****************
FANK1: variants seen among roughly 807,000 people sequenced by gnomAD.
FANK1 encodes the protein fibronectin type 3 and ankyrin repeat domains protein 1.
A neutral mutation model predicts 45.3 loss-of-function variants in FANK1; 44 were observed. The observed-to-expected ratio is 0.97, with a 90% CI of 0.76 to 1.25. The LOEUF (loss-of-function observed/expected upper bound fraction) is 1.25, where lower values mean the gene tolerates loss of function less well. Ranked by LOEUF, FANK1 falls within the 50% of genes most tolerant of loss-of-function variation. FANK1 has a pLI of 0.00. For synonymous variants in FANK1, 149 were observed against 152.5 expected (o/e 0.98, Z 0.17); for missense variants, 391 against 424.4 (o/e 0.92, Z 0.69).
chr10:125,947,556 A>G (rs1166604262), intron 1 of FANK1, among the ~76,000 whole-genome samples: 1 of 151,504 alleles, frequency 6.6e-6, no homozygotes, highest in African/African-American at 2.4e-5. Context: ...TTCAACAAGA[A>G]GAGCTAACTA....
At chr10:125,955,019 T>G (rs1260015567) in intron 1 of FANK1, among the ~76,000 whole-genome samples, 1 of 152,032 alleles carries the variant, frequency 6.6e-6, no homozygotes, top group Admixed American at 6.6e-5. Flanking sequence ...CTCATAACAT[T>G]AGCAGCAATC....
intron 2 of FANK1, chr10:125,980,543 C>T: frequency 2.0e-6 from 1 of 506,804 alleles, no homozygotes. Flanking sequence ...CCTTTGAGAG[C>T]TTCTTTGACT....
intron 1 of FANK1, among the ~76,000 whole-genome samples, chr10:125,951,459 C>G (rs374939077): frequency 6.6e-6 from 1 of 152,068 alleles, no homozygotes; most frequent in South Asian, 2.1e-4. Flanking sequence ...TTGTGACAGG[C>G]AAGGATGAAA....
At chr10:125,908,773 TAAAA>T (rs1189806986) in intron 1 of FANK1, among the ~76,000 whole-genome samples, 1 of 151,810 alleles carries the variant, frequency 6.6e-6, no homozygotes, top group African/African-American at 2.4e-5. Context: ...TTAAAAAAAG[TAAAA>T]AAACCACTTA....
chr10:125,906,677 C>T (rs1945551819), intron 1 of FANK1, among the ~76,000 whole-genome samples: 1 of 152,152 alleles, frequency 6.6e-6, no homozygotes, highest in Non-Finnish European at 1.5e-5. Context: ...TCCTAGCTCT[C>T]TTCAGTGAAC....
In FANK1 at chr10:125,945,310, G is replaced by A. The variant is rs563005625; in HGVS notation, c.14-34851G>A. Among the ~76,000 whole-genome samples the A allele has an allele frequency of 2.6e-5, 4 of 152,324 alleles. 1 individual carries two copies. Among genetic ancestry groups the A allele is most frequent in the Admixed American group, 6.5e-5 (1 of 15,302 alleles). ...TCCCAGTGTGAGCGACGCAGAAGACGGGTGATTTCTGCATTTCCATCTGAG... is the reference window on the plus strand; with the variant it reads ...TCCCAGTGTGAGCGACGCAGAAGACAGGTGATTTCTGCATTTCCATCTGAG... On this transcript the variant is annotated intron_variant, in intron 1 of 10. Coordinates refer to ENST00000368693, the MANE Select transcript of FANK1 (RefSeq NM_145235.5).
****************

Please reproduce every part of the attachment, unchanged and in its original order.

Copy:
FANK1: variants seen among roughly 807,000 people sequenced by gnomAD.
FANK1 encodes the protein fibronectin type 3 and ankyrin repeat domains protein 1.
A neutral mutation model predicts 45.3 loss-of-function variants in FANK1; 44 were observed. The observed-to-expected ratio is 0.97, with a 90% CI of 0.76 to 1.25. The LOEUF (loss-of-function observed/expected upper bound fraction) is 1.25, where lower values mean the gene tolerates loss of function less well. Ranked by LOEUF, FANK1 falls within the 50% of genes most tolerant of loss-of-function variation. FANK1 has a pLI of 0.00. For synonymous variants in FANK1, 149 were observed against 152.5 expected (o/e 0.98, Z 0.17); for missense variants, 391 against 424.4 (o/e 0.92, Z 0.69).
chr10:125,947,556 A>G (rs1166604262), intron 1 of FANK1, among the ~76,000 whole-genome samples: 1 of 151,504 alleles, frequency 6.6e-6, no homozygotes, highest in African/African-American at 2.4e-5. Context: ...TTCAACAAGA[A>G]GAGCTAACTA....
At chr10:125,955,019 T>G (rs1260015567) in intron 1 of FANK1, among the ~76,000 whole-genome samples, 1 of 152,032 alleles carries the variant, frequency 6.6e-6, no homozygotes, top group Admixed American at 6.6e-5. Flanking sequence ...CTCATAACAT[T>G]AGCAGCAATC....
intron 2 of FANK1, chr10:125,980,543 C>T: frequency 2.0e-6 from 1 of 506,804 alleles, no homozygotes. Flanking sequence ...CCTTTGAGAG[C>T]TTCTTTGACT....
intron 1 of FANK1, among the ~76,000 whole-genome samples, chr10:125,951,459 C>G (rs374939077): frequency 6.6e-6 from 1 of 152,068 alleles, no homozygotes; most frequent in South Asian, 2.1e-4. Flanking sequence ...TTGTGACAGG[C>G]AAGGATGAAA....
At chr10:125,908,773 TAAAA>T (rs1189806986) in intron 1 of FANK1, among the ~76,000 whole-genome samples, 1 of 151,810 alleles carries the variant, frequency 6.6e-6, no homozygotes, top group African/African-American at 2.4e-5. Context: ...TTAAAAAAAG[TAAAA>T]AAACCACTTA....
chr10:125,906,677 C>T (rs1945551819), intron 1 of FANK1, among the ~76,000 whole-genome samples: 1 of 152,152 alleles, frequency 6.6e-6, no homozygotes, highest in Non-Finnish European at 1.5e-5. Context: ...TCCTAGCTCT[C>T]TTCAGTGAAC....
In FANK1 at chr10:125,945,310, G is replaced by A. The variant is rs563005625; in HGVS notation, c.14-34851G>A. Among the ~76,000 whole-genome samples the A allele has an allele frequency of 2.6e-5, 4 of 152,324 alleles. 1 individual carries two copies. Among genetic ancestry groups the A allele is most frequent in the Admixed American group, 6.5e-5 (1 of 15,302 alleles). ...TCCCAGTGTGAGCGACGCAGAAGACGGGTGATTTCTGCATTTCCATCTGAG... is the reference window on the plus strand; with the variant it reads ...TCCCAGTGTGAGCGACGCAGAAGACAGGTGATTTCTGCATTTCCATCTGAG... On this transcript the variant is annotated intron_variant, in intron 1 of 10. Coordinates refer to ENST00000368693, the MANE Select transcript of FANK1 (RefSeq NM_145235.5).